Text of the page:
Event to bring more than 100 4-H’ers to middle school
Weekends are usually quiet at Eudora Middle School, but an upcoming Saturday later this winter, the classrooms and hallways at Eudora Middle School will be full of students.
The Douglas County 4-H Club Days will bring 4-H'ers from across the county Feb. 5 to Eudora. The event, which came to Eudora last year, is making the move to Cardinal country again this year.
"With Eudora and the space they have, it's the right place to have it," said Kimberly Davis, the Douglas County 4-H agent with K-State Research and Extension.
Davis said 4-H tried to spread various events throughout the county. Regional competition was customarily in Baldwin City, Davis said, and in previous years, Club Days had been at West Junior High School in Lawrence.
The presence of Eudora school teachers as volunteers in 4-H helped steer the organization toward bringing the event to Eudora, Davis said.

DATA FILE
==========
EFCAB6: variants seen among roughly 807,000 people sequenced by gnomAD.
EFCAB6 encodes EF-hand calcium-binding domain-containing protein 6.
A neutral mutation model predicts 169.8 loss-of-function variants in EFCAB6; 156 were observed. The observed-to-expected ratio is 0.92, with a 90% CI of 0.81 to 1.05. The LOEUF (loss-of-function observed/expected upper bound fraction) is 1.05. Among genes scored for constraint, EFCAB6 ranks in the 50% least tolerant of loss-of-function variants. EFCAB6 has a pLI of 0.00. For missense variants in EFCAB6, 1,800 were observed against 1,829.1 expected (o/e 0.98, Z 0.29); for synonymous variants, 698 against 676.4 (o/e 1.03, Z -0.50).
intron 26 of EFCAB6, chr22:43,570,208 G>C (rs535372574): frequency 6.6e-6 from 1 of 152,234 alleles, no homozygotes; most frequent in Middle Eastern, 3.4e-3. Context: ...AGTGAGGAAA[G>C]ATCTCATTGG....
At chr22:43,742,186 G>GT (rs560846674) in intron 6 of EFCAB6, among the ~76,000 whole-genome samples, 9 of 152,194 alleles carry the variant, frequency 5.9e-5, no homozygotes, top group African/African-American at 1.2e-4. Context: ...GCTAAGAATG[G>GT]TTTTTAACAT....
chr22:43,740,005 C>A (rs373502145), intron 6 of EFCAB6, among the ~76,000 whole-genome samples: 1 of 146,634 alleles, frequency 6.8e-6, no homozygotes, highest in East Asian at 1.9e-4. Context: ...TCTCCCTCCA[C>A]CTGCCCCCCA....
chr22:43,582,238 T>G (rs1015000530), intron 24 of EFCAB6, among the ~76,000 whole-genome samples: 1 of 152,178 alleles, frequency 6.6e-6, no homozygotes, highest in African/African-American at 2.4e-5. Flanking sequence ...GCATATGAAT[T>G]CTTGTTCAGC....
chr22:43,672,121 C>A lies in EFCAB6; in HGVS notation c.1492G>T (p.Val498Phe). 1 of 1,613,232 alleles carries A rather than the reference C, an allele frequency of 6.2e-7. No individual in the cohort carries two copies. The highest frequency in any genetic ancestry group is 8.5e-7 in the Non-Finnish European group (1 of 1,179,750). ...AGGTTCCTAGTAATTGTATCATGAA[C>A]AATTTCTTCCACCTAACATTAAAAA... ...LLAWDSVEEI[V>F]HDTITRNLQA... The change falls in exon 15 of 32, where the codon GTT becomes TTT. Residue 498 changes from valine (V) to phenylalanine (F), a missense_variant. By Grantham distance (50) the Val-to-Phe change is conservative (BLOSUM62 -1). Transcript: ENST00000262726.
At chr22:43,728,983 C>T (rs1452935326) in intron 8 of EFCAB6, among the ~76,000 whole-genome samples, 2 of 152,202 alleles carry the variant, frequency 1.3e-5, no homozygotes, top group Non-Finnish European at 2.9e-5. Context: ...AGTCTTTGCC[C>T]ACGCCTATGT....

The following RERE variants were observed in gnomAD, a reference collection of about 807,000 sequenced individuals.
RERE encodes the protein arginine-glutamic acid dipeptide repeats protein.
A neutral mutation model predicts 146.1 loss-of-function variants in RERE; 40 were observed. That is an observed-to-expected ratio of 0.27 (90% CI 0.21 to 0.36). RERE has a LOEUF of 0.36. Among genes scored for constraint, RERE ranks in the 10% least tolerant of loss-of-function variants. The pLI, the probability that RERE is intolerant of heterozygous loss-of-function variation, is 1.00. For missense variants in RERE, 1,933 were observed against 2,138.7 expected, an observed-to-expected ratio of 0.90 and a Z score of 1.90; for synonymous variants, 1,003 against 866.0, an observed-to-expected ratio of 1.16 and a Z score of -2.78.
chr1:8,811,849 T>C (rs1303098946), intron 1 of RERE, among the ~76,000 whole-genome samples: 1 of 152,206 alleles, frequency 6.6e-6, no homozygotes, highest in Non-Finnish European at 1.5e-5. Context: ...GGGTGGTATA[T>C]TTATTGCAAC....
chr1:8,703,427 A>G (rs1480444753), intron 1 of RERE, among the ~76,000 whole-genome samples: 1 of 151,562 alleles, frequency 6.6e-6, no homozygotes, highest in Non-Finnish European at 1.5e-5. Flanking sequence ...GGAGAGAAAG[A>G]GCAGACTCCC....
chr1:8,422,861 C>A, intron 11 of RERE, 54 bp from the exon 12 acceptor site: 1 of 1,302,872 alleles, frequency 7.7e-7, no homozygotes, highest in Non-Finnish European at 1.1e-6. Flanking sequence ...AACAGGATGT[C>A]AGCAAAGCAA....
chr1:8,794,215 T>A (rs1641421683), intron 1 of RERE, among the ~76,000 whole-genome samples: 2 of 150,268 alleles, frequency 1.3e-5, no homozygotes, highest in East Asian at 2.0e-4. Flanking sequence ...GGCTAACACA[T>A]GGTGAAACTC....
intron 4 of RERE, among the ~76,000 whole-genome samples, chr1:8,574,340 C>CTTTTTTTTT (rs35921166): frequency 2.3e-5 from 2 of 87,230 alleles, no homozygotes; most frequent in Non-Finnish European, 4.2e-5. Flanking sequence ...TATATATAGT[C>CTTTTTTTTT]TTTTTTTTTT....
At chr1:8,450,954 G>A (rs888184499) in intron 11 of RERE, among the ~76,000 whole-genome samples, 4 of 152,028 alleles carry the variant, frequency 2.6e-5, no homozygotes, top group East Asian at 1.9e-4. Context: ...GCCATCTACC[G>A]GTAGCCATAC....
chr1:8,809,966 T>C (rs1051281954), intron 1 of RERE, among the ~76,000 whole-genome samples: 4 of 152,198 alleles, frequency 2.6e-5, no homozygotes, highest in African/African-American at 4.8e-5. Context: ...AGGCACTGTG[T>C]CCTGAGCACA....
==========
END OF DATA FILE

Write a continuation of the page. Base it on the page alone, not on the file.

The Club Days event usually brings between 100 and 150 4-H'ers to participate in activities not usually associated with 4-H, such as drama, music, dance and public speaking.
"Without a doubt that the No. 1 thing this organization hangs their hat on is that every one of our kids can get up and speak," Davis said. "We give them plenty of opportunities to talk."
The youngest among the students will participate in Show and Share, their first public speaking demonstration. Older students do projects and presentations, as well as performances like instrumental
ensembles, group dramatics, and square and line dancing, the latter of which is usually represented with a Eudora group.
"This is just like the county fair," Davis said. "This is another time of the year these kdis get to show and demonstrate their gained knowledge and say, 'Look how far I've come.'"
Club Days activities start at 8 a.m. Feb. 5, 2005, and will run until about 4 p.m. The event will be open to the public, and Davis members of the Eudora community were welcome to watch local and area students perform. She said 4-H volunteers at the middle school would guide visitors to specific 4-H'ers or categories.
"In almost every room, you can sit and watch a youth perform," she said.